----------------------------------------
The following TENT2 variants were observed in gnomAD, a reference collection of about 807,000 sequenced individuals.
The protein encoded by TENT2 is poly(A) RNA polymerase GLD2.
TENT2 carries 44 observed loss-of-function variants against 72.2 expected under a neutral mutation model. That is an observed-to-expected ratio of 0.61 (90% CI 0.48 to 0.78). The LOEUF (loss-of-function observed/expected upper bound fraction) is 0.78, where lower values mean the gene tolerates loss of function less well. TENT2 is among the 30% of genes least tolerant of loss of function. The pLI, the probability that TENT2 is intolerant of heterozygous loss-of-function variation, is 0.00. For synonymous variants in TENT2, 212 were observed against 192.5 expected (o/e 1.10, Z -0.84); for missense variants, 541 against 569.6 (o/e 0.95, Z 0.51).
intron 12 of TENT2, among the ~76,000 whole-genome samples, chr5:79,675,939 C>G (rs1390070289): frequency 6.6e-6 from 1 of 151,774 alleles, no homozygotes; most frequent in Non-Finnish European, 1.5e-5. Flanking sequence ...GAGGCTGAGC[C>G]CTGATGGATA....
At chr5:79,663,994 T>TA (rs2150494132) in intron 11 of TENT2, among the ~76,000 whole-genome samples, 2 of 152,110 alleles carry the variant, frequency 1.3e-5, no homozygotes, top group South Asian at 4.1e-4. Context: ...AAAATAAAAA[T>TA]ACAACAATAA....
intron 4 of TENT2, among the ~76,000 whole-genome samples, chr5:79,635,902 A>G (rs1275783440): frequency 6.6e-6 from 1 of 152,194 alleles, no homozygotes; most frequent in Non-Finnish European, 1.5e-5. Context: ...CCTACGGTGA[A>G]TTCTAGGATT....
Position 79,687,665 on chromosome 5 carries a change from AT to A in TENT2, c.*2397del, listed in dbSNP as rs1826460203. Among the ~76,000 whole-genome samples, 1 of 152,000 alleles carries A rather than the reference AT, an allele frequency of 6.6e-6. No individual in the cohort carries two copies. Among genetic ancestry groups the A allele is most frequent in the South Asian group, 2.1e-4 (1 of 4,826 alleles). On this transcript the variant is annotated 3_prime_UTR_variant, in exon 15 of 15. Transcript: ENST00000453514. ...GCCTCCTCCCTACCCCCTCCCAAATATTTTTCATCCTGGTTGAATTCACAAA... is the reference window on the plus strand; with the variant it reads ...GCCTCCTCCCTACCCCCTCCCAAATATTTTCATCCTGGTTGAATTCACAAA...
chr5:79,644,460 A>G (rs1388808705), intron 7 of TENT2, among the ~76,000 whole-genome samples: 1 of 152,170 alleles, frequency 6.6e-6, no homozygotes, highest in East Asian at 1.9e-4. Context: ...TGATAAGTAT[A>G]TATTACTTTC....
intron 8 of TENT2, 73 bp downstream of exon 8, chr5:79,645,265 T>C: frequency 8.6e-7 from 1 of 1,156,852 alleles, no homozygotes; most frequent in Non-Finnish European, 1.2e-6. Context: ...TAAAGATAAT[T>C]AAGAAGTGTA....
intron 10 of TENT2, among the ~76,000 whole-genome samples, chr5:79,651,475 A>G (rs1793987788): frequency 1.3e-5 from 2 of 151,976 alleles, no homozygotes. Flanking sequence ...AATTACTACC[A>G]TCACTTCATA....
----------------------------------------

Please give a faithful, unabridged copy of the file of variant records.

The following TENT2 variants were observed in gnomAD, a reference collection of about 807,000 sequenced individuals.
The protein encoded by TENT2 is poly(A) RNA polymerase GLD2.
TENT2 carries 44 observed loss-of-function variants against 72.2 expected under a neutral mutation model. That is an observed-to-expected ratio of 0.61 (90% CI 0.48 to 0.78). The LOEUF (loss-of-function observed/expected upper bound fraction) is 0.78, where lower values mean the gene tolerates loss of function less well. TENT2 is among the 30% of genes least tolerant of loss of function. The pLI, the probability that TENT2 is intolerant of heterozygous loss-of-function variation, is 0.00. For synonymous variants in TENT2, 212 were observed against 192.5 expected (o/e 1.10, Z -0.84); for missense variants, 541 against 569.6 (o/e 0.95, Z 0.51).
intron 12 of TENT2, among the ~76,000 whole-genome samples, chr5:79,675,939 C>G (rs1390070289): frequency 6.6e-6 from 1 of 151,774 alleles, no homozygotes; most frequent in Non-Finnish European, 1.5e-5. Flanking sequence ...GAGGCTGAGC[C>G]CTGATGGATA....
At chr5:79,663,994 T>TA (rs2150494132) in intron 11 of TENT2, among the ~76,000 whole-genome samples, 2 of 152,110 alleles carry the variant, frequency 1.3e-5, no homozygotes, top group South Asian at 4.1e-4. Context: ...AAAATAAAAA[T>TA]ACAACAATAA....
intron 4 of TENT2, among the ~76,000 whole-genome samples, chr5:79,635,902 A>G (rs1275783440): frequency 6.6e-6 from 1 of 152,194 alleles, no homozygotes; most frequent in Non-Finnish European, 1.5e-5. Context: ...CCTACGGTGA[A>G]TTCTAGGATT....
Position 79,687,665 on chromosome 5 carries a change from AT to A in TENT2, c.*2397del, listed in dbSNP as rs1826460203. Among the ~76,000 whole-genome samples, 1 of 152,000 alleles carries A rather than the reference AT, an allele frequency of 6.6e-6. No individual in the cohort carries two copies. Among genetic ancestry groups the A allele is most frequent in the South Asian group, 2.1e-4 (1 of 4,826 alleles). On this transcript the variant is annotated 3_prime_UTR_variant, in exon 15 of 15. Transcript: ENST00000453514. ...GCCTCCTCCCTACCCCCTCCCAAATATTTTTCATCCTGGTTGAATTCACAAA... is the reference window on the plus strand; with the variant it reads ...GCCTCCTCCCTACCCCCTCCCAAATATTTTCATCCTGGTTGAATTCACAAA...
chr5:79,644,460 A>G (rs1388808705), intron 7 of TENT2, among the ~76,000 whole-genome samples: 1 of 152,170 alleles, frequency 6.6e-6, no homozygotes, highest in East Asian at 1.9e-4. Context: ...TGATAAGTAT[A>G]TATTACTTTC....
intron 8 of TENT2, 73 bp downstream of exon 8, chr5:79,645,265 T>C: frequency 8.6e-7 from 1 of 1,156,852 alleles, no homozygotes; most frequent in Non-Finnish European, 1.2e-6. Context: ...TAAAGATAAT[T>C]AAGAAGTGTA....
intron 10 of TENT2, among the ~76,000 whole-genome samples, chr5:79,651,475 A>G (rs1793987788): frequency 1.3e-5 from 2 of 151,976 alleles, no homozygotes. Flanking sequence ...AATTACTACC[A>G]TCACTTCATA....